Whatever you do, don’t run

Sitting chatting to guests around the dinner table (as used to be the norm in B.C. times – before COVID), there are a number of questions that are asked repeatedly by curious travellers. “How long have you been guiding?”, and “what made you become a guide?” (which is usually answered as a long story about how my cell-mate gave me the idea when I ‘did time’, and I intentionally don’t always clarify that I was joking), or  “what’s your scariest encounter?” (to which I don’t always give her name) and then a question that probably doesn’t get raised quite as often as I would like it to. But, on a good night some polite guests (maybe taking the Micky themselves) may ask how I keep in shape, or how do I exercise? I suspect that most of them are thinking that they know the answer already – that I don’t – so when I tell them I go running, there is a look of disbelief on their faces as they momentarily stop chewing on Chef Ryan’s delicious desserts… and I’m never quite sure if the expressions arise because of the perceived dangers of running in the bush, or the fact that they cannot believe that I actually do exercise!

Now before you start getting too impressed about my dedication to cardiovascular activities, I need to clarify my level of effort put in during these “runs” (after all, I’m the guy that felt exhausted simply driving behind my friend as he ran an ultramarathon-distance charity run through the Timbavati). I think I burn off more calories telling people about my running than I do actually doing them. They take place at such a slow pace that I worry more about being chased down by leopard tortoises than I do about leopards themselves; the latter would be unlikely to even identify me as a moving object.

I soon realise though, that the guests’ reactions are actually more to do with their perceived notions that running in the bush is dangerous, as only food runs. While I always play it down by examples of how my friend has spent more than a decade running many more hours and miles without incident in the Greater Kruger than I have, and that my most heart-stopping moment of late was an incident with a rock that suddenly came out of nowhere to maliciously trip me and so nearly send me face-first into the dirt, the truth is that there are always risks involved.  It is my belief that I’m as safe running around the bush as I am running in the streets of Johannesburg, mostly because it is easier to predict the behaviour of a lion than the movements of a Joburg driver… and besides, at such a high altitude there is barely enough oxygen for me in Johannesburg when I’m trying to exercise!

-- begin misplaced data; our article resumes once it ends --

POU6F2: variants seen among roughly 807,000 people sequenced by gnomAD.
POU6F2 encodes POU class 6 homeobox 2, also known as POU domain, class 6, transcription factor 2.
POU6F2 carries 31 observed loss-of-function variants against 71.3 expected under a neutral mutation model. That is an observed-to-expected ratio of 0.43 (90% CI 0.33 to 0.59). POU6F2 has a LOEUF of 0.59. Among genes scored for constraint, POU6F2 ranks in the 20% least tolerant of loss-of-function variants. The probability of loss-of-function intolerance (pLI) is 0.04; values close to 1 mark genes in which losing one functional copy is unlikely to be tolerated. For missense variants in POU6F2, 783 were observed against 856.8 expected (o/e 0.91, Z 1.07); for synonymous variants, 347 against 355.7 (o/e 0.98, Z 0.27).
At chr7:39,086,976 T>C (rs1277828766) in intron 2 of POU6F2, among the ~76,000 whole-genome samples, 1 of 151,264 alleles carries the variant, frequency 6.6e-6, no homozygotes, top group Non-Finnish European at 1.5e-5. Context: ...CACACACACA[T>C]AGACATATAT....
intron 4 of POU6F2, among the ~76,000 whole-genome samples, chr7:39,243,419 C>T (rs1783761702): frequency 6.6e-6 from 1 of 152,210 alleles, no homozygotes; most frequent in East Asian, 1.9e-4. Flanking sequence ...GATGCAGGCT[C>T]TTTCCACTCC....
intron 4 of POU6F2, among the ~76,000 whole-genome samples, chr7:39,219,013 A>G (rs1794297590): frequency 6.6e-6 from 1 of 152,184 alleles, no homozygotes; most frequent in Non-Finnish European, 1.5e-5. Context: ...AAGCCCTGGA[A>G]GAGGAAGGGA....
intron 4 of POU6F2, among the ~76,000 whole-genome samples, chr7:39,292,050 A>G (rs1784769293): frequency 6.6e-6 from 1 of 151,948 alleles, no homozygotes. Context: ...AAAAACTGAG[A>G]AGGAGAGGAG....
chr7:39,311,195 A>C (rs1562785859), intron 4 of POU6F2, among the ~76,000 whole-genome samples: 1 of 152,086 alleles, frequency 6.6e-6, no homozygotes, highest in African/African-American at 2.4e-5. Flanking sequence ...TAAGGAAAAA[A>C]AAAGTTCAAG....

That being said, I have had a number of encounters during the course of my exercise activities, from bumping into mating lions to disturbing a leopard resting near her fresh impala kill. There was the time I thought I heard growling on the route out, but found nothing. Only to return twenty minutes later to find a leopard sitting in a Marula tree in the same spot watching me as I trundled past. To be fair though, it is not the cats I am most worried about, but rather buffalo bulls (who can hide behind the smallest of bushes) and elephants. The latter makes me think about a run I did some years ago when I was trying to get back into some form of fitness regime.

I had gained at least a years’ worth of guiding experience and had been thinking of this as I ran out of camp confident that if I were to encounter any potentially dangerous animals, I wouldn’t be too fussed by the whole episode. So confident was I, that not only did I opt out of a boring run up and down the airstrip in favour of a run along the bush roads, but I also didn’t like the idea of running in silence, so I decided to rather go running through Big Five country with earphones blasting some Back Street Boys from my iPod. I had not run 200m from my house, and the thoughts of how I would be so steadfast in my resolve to not react should I encounter anything had barely had time to leave my mind when they were suddenly put to the test. Over the whining sounds of “I want it that way” I heard a crack of a branch to my left, and as my gaze moved from my feet to the mopane thicket adjacent to me, the reason for the breaking sound became instantly apparent. All five tonnes of it. Upon realising there was an elephant bull about 25m from me, I let out a little squeal (that had nothing to do with the song), levitated, and realised that I had overestimated my level of confidence.

elephant - Chad Cocking

I gave the bull some room as I meandered off road to get around him, grateful that he had gotten a bigger fright than me, and gave myself a stern, mental talking to as I carried on jogging down the road.  “Focus, Chad. Situational awareness, Chad”, and it worked, as a further 300m down the road, I noticed that there were some particularly fresh elephant tracks crossing the road from left to right. As my gaze followed the direction of the tracks, my eyes were quite surprised to see that I hadn’t been wrong about just how fresh the tracks were, as standing watching me from no more than 15m away was the elephant responsible for making them!

Fortunately, the elephant simply stood there watching the foolish, breathless boy pick up his pace as he ran off down the road packing away his earphones. It was at that very moment that I made the decision that running in the bush was just too dangerous for my health and that if I wanted to fit into my very short khaki pants, I either needed to accept that I was no longer a size 32 waist, or that maybe I didn’t actually need all those second helpings of aubergine bake at breakfast!

Tanda Tula - bush run

As the years passed, I have resumed the practice, but now I make sure that I run in more open areas, I leave the Back Street Boys where they belong (in the lost playlists of a broken iPod), and always choose running partners I can at least outrun!

Chad Cocking